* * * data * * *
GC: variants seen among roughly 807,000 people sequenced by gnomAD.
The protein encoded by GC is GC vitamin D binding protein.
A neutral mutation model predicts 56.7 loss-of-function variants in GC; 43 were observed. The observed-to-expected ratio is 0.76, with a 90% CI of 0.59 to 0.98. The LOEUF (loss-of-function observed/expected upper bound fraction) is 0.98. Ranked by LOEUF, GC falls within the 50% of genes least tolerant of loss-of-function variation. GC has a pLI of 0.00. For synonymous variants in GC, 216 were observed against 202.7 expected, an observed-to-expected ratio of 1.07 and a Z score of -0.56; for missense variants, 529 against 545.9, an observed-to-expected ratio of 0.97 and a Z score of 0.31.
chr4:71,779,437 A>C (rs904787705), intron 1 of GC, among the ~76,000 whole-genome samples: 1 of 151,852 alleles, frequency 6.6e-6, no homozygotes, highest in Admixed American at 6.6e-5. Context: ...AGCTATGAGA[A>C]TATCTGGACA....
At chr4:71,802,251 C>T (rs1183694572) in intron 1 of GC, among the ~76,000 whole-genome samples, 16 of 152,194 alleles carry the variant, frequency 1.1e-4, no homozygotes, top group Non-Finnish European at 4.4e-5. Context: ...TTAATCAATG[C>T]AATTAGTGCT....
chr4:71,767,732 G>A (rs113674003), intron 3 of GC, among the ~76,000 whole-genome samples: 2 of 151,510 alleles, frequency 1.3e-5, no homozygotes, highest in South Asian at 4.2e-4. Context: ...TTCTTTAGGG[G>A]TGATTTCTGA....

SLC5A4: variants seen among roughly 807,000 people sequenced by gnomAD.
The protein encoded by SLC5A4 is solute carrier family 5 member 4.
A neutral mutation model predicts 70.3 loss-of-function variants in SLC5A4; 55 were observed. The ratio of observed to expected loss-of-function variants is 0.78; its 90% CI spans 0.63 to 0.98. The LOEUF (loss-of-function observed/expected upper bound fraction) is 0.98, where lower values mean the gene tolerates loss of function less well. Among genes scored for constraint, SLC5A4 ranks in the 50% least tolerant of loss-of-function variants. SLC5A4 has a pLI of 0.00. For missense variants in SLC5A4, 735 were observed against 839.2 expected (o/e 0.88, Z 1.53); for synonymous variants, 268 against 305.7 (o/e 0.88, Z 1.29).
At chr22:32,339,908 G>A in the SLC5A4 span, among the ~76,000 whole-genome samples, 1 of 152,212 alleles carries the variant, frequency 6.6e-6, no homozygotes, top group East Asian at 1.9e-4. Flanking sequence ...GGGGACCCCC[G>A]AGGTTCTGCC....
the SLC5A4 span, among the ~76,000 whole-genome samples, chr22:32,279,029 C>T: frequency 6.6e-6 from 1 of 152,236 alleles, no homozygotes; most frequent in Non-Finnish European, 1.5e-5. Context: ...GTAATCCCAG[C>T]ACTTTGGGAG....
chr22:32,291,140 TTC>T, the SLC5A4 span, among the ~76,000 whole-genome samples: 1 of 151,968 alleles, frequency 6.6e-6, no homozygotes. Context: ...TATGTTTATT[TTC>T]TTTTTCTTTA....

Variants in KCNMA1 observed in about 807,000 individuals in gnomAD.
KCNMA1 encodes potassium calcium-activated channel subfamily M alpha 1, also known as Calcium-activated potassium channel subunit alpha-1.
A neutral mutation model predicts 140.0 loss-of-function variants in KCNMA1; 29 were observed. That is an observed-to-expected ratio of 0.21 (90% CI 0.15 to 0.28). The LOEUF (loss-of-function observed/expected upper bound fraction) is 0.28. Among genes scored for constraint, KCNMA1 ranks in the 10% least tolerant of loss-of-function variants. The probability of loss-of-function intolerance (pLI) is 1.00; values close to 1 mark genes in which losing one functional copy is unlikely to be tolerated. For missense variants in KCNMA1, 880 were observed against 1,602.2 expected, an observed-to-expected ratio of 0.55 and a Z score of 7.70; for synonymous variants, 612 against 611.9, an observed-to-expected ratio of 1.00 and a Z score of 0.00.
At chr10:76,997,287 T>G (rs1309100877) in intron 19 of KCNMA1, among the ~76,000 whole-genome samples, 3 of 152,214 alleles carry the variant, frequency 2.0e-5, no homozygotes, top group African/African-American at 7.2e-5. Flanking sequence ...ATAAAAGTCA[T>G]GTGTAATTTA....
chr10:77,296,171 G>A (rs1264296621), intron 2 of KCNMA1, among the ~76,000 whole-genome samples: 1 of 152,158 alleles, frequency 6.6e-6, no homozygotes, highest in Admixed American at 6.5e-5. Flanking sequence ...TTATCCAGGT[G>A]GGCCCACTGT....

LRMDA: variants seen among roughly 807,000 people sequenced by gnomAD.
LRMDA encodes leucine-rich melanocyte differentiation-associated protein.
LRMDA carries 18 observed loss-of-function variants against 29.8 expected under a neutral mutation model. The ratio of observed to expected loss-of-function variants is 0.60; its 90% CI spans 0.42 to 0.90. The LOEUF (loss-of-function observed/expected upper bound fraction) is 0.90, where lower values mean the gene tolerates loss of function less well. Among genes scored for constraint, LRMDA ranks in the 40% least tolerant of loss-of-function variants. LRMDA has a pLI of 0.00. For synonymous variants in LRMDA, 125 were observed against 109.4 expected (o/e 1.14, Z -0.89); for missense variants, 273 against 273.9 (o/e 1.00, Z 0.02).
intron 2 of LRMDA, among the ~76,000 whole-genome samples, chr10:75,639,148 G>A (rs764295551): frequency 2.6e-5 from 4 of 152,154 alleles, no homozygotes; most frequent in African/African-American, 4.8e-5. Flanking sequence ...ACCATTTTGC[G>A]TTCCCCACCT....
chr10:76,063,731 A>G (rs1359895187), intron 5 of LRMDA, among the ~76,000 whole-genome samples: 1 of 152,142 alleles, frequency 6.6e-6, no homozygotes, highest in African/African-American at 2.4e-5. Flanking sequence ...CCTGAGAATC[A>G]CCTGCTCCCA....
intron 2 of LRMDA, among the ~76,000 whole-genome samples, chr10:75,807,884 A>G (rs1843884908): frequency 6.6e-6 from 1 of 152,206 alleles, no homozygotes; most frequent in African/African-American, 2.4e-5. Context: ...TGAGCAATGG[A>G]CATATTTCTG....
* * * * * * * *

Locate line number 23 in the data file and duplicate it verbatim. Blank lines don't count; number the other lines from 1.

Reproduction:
intron 2 of LRMDA, among the ~76,000 whole-genome samples, chr10:75,807,884 A>G (rs1843884908): frequency 6.6e-6 from 1 of 152,206 alleles, no homozygotes; most frequent in African/African-American, 2.4e-5. Context: ...TGAGCAATGG[A>G]CATATTTCTG....